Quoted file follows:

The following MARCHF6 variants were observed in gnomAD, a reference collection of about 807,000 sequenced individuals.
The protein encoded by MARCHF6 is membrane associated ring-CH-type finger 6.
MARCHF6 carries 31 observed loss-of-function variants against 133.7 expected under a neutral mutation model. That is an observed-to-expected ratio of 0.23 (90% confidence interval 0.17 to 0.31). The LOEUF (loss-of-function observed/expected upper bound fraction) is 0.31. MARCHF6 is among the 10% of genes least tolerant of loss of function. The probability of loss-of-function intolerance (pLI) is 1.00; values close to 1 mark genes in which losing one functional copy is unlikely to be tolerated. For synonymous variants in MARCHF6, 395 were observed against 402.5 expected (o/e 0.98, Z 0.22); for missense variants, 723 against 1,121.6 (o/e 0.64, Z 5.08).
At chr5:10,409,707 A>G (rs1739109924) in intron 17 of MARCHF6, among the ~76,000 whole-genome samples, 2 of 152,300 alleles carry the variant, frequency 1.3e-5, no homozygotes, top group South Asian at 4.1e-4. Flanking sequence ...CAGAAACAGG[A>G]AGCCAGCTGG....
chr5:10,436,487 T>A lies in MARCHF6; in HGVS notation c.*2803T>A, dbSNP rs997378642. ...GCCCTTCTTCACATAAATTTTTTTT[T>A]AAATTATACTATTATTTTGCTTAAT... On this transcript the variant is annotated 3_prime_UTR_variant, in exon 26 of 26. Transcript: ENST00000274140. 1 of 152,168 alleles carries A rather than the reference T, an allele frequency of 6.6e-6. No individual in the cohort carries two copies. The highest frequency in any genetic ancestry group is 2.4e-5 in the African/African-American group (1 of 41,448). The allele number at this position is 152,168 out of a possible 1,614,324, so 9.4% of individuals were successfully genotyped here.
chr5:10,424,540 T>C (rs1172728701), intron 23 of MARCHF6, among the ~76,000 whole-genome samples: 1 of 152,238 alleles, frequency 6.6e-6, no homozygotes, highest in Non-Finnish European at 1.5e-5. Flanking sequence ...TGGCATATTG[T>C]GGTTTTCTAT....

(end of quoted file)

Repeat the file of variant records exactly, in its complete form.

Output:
The following MARCHF6 variants were observed in gnomAD, a reference collection of about 807,000 sequenced individuals.
The protein encoded by MARCHF6 is membrane associated ring-CH-type finger 6.
MARCHF6 carries 31 observed loss-of-function variants against 133.7 expected under a neutral mutation model. That is an observed-to-expected ratio of 0.23 (90% confidence interval 0.17 to 0.31). The LOEUF (loss-of-function observed/expected upper bound fraction) is 0.31. MARCHF6 is among the 10% of genes least tolerant of loss of function. The probability of loss-of-function intolerance (pLI) is 1.00; values close to 1 mark genes in which losing one functional copy is unlikely to be tolerated. For synonymous variants in MARCHF6, 395 were observed against 402.5 expected (o/e 0.98, Z 0.22); for missense variants, 723 against 1,121.6 (o/e 0.64, Z 5.08).
At chr5:10,409,707 A>G (rs1739109924) in intron 17 of MARCHF6, among the ~76,000 whole-genome samples, 2 of 152,300 alleles carry the variant, frequency 1.3e-5, no homozygotes, top group South Asian at 4.1e-4. Flanking sequence ...CAGAAACAGG[A>G]AGCCAGCTGG....
chr5:10,436,487 T>A lies in MARCHF6; in HGVS notation c.*2803T>A, dbSNP rs997378642. ...GCCCTTCTTCACATAAATTTTTTTT[T>A]AAATTATACTATTATTTTGCTTAAT... On this transcript the variant is annotated 3_prime_UTR_variant, in exon 26 of 26. Transcript: ENST00000274140. 1 of 152,168 alleles carries A rather than the reference T, an allele frequency of 6.6e-6. No individual in the cohort carries two copies. The highest frequency in any genetic ancestry group is 2.4e-5 in the African/African-American group (1 of 41,448). The allele number at this position is 152,168 out of a possible 1,614,324, so 9.4% of individuals were successfully genotyped here.
chr5:10,424,540 T>C (rs1172728701), intron 23 of MARCHF6, among the ~76,000 whole-genome samples: 1 of 152,238 alleles, frequency 6.6e-6, no homozygotes, highest in Non-Finnish European at 1.5e-5. Flanking sequence ...TGGCATATTG[T>C]GGTTTTCTAT....